How Important is the Fifth Starter? – Phillies Nation
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How Important is the Fifth Starter?

The very last role up for grabs for the Phillies entering this spring is that of the fifth starting pitcher, a job whose candidates include Jamie Moyer, Kyle Kendrick and Jose Contreras, among others. With speculation abounding and personal choices varying, it seems there is no clear-cut favorite for the job as camp opens this week in Clearwater.

Just how valuable and vital is the fifth starter, though? Does the fate of the 2010 season rest solely on the decision between Moyer and Kendrick, between Contreras and Andrew Carpenter? Let’s take a look at some history, and value the contributions of the fifth starter on the decade’s last three championship teams.

2009 New York Yankees
Fifth Starters: Chad Gaudin, Sergio Mitre, Chien-Ming Wang
Combined Totals: 35 G, 24 GS; 6-9, 6.63 ERA, 0.4 WAR
Team Record in Starts: 21-22

A big key to the Yankees’ success last year, beyond having an outstanding roster, was the health of their staff. Their top four starters – CC Sabathia, A.J. Burnett, Andy Pettitte and Joba Chamberlain – all made at least 31 starts. Having consistent quality toe the rubber goes a long way toward a championship, lineup notwithstanding.

Wang, despite his unseemly 9.64 ERA, actually managed to contribute 0.1 WAR to the total. Combining injury with a homer-friendly ballpark and a whole lot of hits allowed, Wang had the perfect storm of pitching imperfection come together over his head. The Yankees went 4-8 in games he appeared in, including 3-6 in his nine starts. Just goes to show how far a good lineup can take you: it can save even the most disastrous outings. It can’t save a team all the time, though, as evidenced by the team’s overall record in fifth starter starts.

2008 Philadelphia Phillies
Fifth Starter: Adam Eaton
Totals: 21 G, 19 GS; 4-8, 5.80 ERA, 0.4 WAR
Team Record in Starts: 8-11

Adam Eaton was the only true fifth starter on the champion Phils team two seasons ago, as Kyle Kendrick amassed 30 starts and J.A. Happ had just four. Eaton contributed very few positive things during his time in Philadelphia, sadly, and 2008 didn’t exactly serve as some sort of foil for that. Heck, he didn’t even make the playoff roster as the Phils won the Series, and was promptly booed upon receiving his ring in April 2009. I’m sure he loved his time here.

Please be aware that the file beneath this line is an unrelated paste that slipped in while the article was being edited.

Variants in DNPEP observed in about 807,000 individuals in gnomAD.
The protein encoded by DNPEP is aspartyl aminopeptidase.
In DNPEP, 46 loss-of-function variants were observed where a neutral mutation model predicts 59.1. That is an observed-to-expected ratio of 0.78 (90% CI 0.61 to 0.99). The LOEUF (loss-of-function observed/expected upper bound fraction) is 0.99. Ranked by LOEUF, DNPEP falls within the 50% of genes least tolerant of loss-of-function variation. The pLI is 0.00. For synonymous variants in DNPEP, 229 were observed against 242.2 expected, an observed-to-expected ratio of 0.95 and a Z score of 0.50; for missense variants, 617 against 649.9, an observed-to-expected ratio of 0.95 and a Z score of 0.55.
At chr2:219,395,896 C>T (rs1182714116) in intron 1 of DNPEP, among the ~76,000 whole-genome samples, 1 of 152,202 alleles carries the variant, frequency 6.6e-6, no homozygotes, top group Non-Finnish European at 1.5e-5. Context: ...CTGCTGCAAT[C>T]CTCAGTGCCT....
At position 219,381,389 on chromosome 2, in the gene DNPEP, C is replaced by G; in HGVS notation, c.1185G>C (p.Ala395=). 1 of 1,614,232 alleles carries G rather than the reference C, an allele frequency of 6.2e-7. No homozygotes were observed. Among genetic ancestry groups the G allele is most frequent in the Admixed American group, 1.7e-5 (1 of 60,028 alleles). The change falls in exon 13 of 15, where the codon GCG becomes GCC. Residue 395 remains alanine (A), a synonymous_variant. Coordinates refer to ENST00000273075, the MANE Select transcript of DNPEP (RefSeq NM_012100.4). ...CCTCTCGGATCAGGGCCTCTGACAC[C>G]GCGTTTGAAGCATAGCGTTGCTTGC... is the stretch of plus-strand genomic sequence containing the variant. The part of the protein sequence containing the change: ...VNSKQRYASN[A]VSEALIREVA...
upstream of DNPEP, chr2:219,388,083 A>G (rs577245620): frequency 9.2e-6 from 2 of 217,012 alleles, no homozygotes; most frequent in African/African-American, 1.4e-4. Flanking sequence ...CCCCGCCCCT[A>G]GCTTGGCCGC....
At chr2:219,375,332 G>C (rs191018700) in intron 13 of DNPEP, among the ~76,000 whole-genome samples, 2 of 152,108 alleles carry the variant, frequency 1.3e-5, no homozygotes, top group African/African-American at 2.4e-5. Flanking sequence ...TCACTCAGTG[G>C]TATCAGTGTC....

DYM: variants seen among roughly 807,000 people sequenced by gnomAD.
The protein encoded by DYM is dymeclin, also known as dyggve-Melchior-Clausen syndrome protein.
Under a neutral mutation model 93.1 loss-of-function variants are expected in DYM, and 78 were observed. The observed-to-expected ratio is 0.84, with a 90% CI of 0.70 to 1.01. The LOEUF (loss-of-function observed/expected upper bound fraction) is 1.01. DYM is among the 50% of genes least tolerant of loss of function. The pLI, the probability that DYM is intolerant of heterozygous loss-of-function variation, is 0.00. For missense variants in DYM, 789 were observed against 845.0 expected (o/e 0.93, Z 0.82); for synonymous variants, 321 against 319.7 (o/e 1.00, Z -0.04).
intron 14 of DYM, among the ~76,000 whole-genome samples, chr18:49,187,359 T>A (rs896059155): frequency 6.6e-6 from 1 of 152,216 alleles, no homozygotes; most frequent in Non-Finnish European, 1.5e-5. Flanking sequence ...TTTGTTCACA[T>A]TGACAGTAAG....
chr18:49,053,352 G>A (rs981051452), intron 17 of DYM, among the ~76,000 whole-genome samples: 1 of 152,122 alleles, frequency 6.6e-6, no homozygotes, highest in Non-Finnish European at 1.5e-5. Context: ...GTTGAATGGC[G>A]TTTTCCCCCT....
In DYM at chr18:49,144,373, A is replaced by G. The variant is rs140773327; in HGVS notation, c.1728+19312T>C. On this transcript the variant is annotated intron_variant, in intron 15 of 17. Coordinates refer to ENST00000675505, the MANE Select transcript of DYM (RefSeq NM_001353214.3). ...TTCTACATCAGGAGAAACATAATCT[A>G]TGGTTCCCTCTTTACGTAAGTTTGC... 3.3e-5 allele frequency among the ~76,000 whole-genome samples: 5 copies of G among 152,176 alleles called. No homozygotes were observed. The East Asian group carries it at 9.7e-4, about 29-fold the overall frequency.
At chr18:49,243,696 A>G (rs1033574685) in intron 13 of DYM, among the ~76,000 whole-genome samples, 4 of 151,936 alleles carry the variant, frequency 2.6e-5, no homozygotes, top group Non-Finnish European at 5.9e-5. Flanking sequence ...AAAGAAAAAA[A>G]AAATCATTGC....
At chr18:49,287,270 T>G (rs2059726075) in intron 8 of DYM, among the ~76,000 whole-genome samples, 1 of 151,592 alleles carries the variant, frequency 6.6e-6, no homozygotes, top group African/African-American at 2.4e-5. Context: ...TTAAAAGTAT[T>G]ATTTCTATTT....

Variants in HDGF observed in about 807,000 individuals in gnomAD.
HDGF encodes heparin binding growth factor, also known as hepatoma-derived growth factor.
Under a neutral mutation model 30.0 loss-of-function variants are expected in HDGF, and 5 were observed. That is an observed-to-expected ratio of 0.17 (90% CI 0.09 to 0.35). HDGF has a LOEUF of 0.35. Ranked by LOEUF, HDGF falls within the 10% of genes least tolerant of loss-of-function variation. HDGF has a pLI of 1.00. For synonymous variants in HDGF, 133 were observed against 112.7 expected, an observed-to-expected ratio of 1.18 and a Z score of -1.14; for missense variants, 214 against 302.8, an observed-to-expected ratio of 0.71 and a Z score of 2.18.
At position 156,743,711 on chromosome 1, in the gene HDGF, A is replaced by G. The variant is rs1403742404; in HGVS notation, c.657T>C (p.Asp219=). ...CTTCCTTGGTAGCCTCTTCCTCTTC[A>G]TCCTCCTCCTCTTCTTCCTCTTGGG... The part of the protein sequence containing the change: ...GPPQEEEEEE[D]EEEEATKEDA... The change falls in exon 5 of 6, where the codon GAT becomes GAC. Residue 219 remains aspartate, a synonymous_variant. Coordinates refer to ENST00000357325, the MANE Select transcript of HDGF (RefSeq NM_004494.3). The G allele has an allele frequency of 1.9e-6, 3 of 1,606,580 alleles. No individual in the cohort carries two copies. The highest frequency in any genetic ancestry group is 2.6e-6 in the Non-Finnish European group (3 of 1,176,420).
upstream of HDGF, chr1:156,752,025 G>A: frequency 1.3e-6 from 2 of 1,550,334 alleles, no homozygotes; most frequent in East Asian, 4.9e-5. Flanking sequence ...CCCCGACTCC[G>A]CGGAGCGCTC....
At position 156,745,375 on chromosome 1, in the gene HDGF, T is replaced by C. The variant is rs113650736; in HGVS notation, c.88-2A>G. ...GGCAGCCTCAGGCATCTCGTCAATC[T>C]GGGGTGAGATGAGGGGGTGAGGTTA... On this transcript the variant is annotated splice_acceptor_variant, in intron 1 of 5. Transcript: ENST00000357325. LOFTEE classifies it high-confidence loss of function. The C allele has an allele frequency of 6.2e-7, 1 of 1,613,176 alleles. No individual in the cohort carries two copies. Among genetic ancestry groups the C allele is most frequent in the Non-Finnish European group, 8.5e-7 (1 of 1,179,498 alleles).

I remember going to a game in the summer of 2008, with Eaton pitching against Randy Johnson and the Diamondbacks. Oh, this wasn’t just any game. It was Eaton’s final start and arguably his worst as a member of the Phillies. It was capped off with a Johnson double, smoked into the left field corner during an eight-run fourth inning. It was horrifying, but I couldn’t stop laughing. At least I got to see R.J. Swindle come in relief and lob a few 55 MPH eephuses (eephi?). Little victories.

Anyway, the moral of the story is that Eaton was pretty terrible. I guess that’s all I needed to say.

2007 Boston Red Sox
Fifth starters: Jon Lester, Julian Tavarez
Combined Totals: 46 G, 34 GS; 11-11, 4.96 ERA, 2.2 WAR
Team Record in Starts:  19-15

Lester is by far the better half of this duo. The Sox went 9-2 in his starts in 2007, and though he struggled with his control for a fair portion of his starts, the team averaged more than six runs per 27 outs in his outings. Again, a good lineup goes a long way. Bats aside, this wasn’t a bad 11-start stretch for a rookie, and he served as a nice left-handed complement to Tavarez.

I could go on with the rest of the decade’s teams, but I think you get the point. The next two teams, the Cardinals in ’06 and the White Sox in ’05, had five fifth starters combine to provide just 2.1 WAR, and their teams went 45-51 in their starts as they posted a cumulative ERA near five.

So, really, what does most of this mean? Well, in simple terms, you can see that teams can win in spite of their fifth starters. The bottom of the rotation is not meant to provide ace-quality numbers, nor should even mid-rotation production be expected. Whether Moyer or Kendrick eventually emerges as the winner of this glamorous competition is almost irrelevant, as a replacement-level pitcher is really all that’s needed, if history is any indication.

The Phillies have talent at their other four rotation spots and an improved, though hardly dominant, bullpen, not to mention an offense that’s considered by many to be the class of the National League. The onus, arguably, falls lightest on the designated fifth starter. Anything above replacement level that comes from that spot is a bonus.

To that end, it would seem more beneficial for the Phillies to put Kendrick in the rotation. True, Moyer is owed a fair bit of money, and $8 million or so is a lot of money to pay an aging long reliever, but money should not dictate a club’s moves. Kendrick showed signs of improvement at the end of last season, and at 25, he still has room for progression.

What do you think? Am I selling the spot short? Would you prefer Moyer, Kendrick or another candidate take the final rotation slot?

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